Internal waves are generated in a fluid if the density increases continuously with depth. The variation in density with depth, or stratification, defines the natural frequency of the fluid N. Two common examples of stratified fluids are the ocean and atmosphere; internal waves are generated continuously in both mediums. Although there are many internal wave generation mechanisms, one common and frequently studied method is tidal flow over oceanic bathymetry. If the local natural frequency of the water near the topography is greater than the tidal frequencyω, internal waves will be generated by the tidal flow over the topography. If N=ω, only evanescent waves will be formed. Unlike internal waves, evanescent waves decay rapidly as they move vertically away from their generation site. As evanescent waves pass from an evanescent region (N=ω),through a turning depth (N=ω) and into a propagating region (N=ω), they become propagating internal waves. Because internal waves can propagate energy across large distances, they play an important role in oceanic mixing and the overall energy budget of the ocean. Knowing where these waves are formed from evanescent waves and their corresponding energy improves understanding of the impact on their surrounding area.Kinetic energy density of evanescent and internal waves formed from oscillatory flow over topography in evanescent regions is first estimated using synthetic schlieren experiments and a novel linear theory model. Experiments were performed with two Gaussian topographies in an exponential density profile. The linear theory model, which uses a set of equations that links the evanescent and propagating regions with the Airy function to overcome the discontinuity inherent with a turning depth, was compared to the experiments. Both methods showed that increasing Fr1,the strength of the evanescent region relative to the excitation frequency, causes the propagating kinetic energy to decrease. In addition, kinetic energy decreased with increasing distance between the topography and the turning depth. Because the model does not account for non-linearities such as turbulence generation, it regularly overestimates propagating kinetic energy relative to the experiments. After comparing the model with synthetic schlieren experiments, it was used to estimate that 25% of the evanescent wave energy generated by an oceanic topography located at 15◦N, 130◦E can become propagating wave energy.The influence of topography shape and fluid density profile on kinetic energy density was also explored through a combination of experiments, a linear theory model, and numerical simulations. From numerical simulations, kinetic energy can be directly calculated with the velocity pro-file and indirectly with the density perturbation field, in the same manner as the synthetic schlieren experiments. Average propagating internal wave kinetic energy (KE∗ 2) as a function of Fr1D/H,which combines Fr1 with the relative distance between the topography and the turning depth D/H,was compared for all methods. KE∗ 2 decreases with increasing Fr1D/H for all methods. Also, far from the turning depth, the direct and indirect simulations indicate similar kinetic energy when in the propagating region, where a distance from the turning depth can be quantified based on N and ω. This work was expanded to include a medium Gaussian, steep Gaussian, sinusoidal, and complex topography with two layer linear, parabolic, cubic, and exponential density profiles to investigate the validity of assuming an average natural frequency in the evanescent region and the impact of the topographic slope on KE∗ 2. A comparison of the density profiles indicated that using a two layer linear density profile has similar results compared to the other density profiles for estimating KE∗ 2 as a function of Fr1D/H. Also, KE∗ 2 is non-negligible for Fr1D/H<4. Increasing the maximum slope of a topography shape decreases the kinetic energy of the generated internal waves, though it was found that the energy is dependent upon the actual shape of the topography as well.Particle image velocimetry (PIV) experiments were performed and compared to synthetic schlieren (SS). While SS experiments generally resulted in an overestimate of kinetic energy relative to the PIV results, the trends from each experimental method matched well. It is recommended that SS be used in regions away from turning depths, but that either are valid in the evanescent and propagating regions. PIV methods should be used when results near the turning depth or the topography are desired.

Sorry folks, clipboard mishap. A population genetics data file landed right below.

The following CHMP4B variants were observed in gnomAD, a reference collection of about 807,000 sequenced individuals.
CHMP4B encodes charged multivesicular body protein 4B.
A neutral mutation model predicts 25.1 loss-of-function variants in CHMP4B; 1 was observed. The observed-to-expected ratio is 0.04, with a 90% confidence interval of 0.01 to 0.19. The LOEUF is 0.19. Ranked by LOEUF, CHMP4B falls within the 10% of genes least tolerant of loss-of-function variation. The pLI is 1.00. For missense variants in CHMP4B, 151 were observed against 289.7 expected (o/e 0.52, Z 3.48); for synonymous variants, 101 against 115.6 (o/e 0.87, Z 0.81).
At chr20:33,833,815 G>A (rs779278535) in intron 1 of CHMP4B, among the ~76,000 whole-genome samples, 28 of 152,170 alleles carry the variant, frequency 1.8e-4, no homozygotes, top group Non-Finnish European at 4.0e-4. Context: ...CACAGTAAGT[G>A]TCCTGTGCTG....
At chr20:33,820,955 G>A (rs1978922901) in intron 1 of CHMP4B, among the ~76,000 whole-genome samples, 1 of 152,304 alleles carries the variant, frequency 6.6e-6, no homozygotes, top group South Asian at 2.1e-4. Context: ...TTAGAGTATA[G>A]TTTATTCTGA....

College and Department

Ira A. Fulton College of Engineering and Technology; Mechanical Engineering



Date Submitted


Document Type



Stratified flow, internal waves, variable stratifications, oceanic bathymetry



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Engineering Commons